How in the name of fuck does it make sense for Floyd Mayweather and Oscar De La Hoya to fight again? Their first match was generally accepted to be a cautious and unexciting turd that highlighted why average people finds boxing boring. While people much smarter than I in the field of boxing may have been able to appreciate the strategy behind the first fight, they’ll also be the same people who’ll tell you a second bout would most likely end exactly the same.

For me, the big upset is that De La Hoya is squandering one of his last fights, if not his last. I understand why HE specifically wants the rematch … he thinks he can beat Mayweather, and what better way to go out than avenging that loss? This I suppose is the problem with the fighters being the promoters … there’s no one out there to put a collar on them and make them fight who they should fight.

There was early speculation that a Hatton / De La Hoya fight was in the works, but Hatton’s loss to Mayweather was probably just too decisive to make it really sell. Plus I don’t think Hatton wants to fight higher than light welterweight any more – every time he fights up in weight he has a hard time of things. Past that, who does Oscar have to choose from? Cotto? That’s the fight people want to see, and that’s the big money fight right there. There was even some early talk about it, but it’s a bad choice for De La Hoya because the odds are Cotto would win.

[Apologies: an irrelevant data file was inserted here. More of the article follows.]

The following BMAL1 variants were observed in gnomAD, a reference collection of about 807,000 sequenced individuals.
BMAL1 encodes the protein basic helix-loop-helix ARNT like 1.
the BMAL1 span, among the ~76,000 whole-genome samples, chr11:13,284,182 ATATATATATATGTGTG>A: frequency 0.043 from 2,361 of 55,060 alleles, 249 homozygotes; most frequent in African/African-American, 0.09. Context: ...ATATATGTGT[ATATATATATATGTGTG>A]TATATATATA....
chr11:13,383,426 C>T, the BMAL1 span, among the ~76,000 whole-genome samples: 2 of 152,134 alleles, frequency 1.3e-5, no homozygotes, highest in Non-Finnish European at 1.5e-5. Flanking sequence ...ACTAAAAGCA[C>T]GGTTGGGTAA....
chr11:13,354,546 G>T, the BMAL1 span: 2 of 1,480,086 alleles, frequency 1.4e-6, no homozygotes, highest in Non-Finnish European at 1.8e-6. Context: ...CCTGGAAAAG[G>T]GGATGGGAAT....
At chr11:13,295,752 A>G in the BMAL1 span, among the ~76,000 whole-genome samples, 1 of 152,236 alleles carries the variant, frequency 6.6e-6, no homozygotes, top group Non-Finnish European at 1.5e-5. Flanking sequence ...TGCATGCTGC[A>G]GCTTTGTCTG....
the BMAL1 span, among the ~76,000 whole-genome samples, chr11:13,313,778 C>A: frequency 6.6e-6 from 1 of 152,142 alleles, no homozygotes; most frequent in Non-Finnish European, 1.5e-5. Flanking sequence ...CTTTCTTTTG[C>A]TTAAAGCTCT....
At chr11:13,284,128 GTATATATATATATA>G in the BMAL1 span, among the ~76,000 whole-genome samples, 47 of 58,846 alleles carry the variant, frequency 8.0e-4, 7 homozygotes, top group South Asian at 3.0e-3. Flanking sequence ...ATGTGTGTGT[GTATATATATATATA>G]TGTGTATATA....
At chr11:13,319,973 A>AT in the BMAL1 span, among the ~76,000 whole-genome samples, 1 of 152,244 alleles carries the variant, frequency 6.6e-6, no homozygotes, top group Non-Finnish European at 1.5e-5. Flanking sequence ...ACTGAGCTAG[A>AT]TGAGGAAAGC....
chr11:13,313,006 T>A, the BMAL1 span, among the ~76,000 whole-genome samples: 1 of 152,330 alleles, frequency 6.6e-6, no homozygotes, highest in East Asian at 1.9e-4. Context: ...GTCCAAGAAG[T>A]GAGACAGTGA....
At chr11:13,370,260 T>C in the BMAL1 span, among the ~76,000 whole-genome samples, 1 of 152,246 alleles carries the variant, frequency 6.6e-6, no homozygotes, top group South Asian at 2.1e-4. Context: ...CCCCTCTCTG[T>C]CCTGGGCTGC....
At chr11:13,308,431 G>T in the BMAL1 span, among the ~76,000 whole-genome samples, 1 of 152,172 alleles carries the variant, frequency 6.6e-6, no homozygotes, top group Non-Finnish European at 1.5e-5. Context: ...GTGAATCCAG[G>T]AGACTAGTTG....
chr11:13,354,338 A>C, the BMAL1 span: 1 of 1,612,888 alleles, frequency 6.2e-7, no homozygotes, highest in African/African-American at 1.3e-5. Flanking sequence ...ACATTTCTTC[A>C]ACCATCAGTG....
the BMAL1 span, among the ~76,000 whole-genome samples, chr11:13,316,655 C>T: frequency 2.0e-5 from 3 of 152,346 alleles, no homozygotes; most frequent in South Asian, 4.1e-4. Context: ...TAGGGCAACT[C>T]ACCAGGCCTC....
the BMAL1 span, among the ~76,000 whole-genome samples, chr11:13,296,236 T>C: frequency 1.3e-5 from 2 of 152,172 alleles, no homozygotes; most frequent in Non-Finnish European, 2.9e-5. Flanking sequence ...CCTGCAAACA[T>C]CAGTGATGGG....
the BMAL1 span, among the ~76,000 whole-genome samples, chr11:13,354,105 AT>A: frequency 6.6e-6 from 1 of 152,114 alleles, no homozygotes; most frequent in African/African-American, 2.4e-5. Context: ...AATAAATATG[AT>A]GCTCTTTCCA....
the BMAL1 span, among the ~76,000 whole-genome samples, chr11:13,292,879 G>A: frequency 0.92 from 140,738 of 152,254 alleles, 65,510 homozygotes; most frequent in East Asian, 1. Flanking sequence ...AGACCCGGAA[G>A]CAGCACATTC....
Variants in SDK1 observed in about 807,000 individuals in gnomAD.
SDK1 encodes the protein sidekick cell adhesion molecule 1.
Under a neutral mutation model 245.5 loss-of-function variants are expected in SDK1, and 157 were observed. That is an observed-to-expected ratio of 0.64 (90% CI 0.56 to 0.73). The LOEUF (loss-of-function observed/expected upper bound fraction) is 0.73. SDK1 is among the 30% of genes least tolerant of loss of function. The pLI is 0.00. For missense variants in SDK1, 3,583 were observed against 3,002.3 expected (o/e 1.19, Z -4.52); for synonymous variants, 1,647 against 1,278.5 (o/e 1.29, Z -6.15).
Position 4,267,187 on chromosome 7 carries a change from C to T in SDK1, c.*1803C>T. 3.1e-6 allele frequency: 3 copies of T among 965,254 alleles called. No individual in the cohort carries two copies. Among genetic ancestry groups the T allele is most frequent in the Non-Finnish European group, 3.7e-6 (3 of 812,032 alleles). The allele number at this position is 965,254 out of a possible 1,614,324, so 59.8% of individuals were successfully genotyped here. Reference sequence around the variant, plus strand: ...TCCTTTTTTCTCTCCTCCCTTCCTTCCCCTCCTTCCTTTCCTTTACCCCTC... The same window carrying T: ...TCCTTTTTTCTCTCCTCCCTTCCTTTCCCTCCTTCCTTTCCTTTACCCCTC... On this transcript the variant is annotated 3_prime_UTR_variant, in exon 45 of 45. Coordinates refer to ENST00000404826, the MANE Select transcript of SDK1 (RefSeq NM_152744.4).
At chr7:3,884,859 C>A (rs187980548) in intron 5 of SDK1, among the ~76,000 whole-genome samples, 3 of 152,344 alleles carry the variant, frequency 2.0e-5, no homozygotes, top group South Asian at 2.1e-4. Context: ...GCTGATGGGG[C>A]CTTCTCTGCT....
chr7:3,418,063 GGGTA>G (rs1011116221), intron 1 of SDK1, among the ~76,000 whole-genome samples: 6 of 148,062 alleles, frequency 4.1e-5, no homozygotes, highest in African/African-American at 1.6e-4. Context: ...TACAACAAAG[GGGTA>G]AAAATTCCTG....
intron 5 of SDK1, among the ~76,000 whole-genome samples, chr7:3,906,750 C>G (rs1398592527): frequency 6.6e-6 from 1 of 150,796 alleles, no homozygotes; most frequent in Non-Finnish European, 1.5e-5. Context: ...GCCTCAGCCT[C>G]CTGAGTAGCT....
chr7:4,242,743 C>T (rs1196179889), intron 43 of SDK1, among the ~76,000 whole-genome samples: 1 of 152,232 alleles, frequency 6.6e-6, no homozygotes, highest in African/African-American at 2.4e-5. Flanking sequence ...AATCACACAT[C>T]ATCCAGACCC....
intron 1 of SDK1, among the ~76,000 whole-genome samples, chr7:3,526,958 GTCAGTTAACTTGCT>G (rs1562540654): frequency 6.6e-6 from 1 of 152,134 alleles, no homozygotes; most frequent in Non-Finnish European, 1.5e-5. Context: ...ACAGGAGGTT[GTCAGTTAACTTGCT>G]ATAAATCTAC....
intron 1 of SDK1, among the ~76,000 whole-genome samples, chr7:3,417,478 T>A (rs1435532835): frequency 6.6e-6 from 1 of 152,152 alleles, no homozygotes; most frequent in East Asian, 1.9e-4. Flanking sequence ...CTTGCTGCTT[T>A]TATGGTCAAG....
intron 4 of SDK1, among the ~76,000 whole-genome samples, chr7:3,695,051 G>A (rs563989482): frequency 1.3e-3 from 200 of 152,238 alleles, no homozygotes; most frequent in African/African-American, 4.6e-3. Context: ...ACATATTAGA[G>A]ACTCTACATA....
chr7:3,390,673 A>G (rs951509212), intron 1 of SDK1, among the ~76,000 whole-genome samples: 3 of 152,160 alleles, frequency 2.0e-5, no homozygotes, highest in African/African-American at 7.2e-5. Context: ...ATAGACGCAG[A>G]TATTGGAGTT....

Again, it’s too bad these guys get to run the show, because it certainly robs boxing fans of the opportunity to see the fights that should really happen.

Luke from Bloody Elbow has the interesting opinion that Brock Lesnar could be the worst thing to happen to MMA since it was pulled off PPV in the 90’s.

For MMA as a sport to be taken seriously by the general public, it needs the general public to think the best fighters in the sport are legitimate athletes. If someone like Lesnar can make a transition from pro wrestling to MMA stardom, it will be hard for the sport to be taken any more seriously than wrestling is. I realize that Lesnar has credentials as a real athlete in collegiate wrestling, I’m glad White got Lesnar to sign up with UFC, and I’m curious to see how Lesnar does. But I’m concerned that if Lesnar succeeds, he’ll be doing it at the expense of the sport of mixed martial arts.

I don’t think anyone is going to question Lesnar’s qualifications as a ‘real athlete’. He’s got an alphabet soup’s worth of amateur wrestling credentials, and nearly got into the NFL despite the fact that he barely had any real experience at all. Sure, he spent a few years growling and stomping around a ring like a retard for the WWE, and for that we shall mock him forever. But it doesn’t take away the fact that we recognize his (possibly) natural physical abilities.

Luke seems to be trying to push the idea that anyone making it to the top in this sport without years and years of training is going to wreck MMA’s reputation as a sport requiring skill and dedication. To me, I’ve always found that idea stupid … the appeal of MMA to me is that it’s a sport anyone can go into.

You don’t have to be wrestling since you were 10 to compete in MMA. You don’t have to be raised by the Gracies. There are tons of fighters out there who exploded out of nowhere with nothing more than a few instructional dvds and the warrior spirit to stand against someone with way more experience and think “I can still beat this guy.”

Honestly, anyone who can’t see the skill involved in MMA isn’t the kind of person who’ll ever become a fan of the sport. And those of us who do know what’s up understand that training, experience, and hard work are just equalizers that help smaller opponents face guys like Brock Lesnar and still have a chance to win.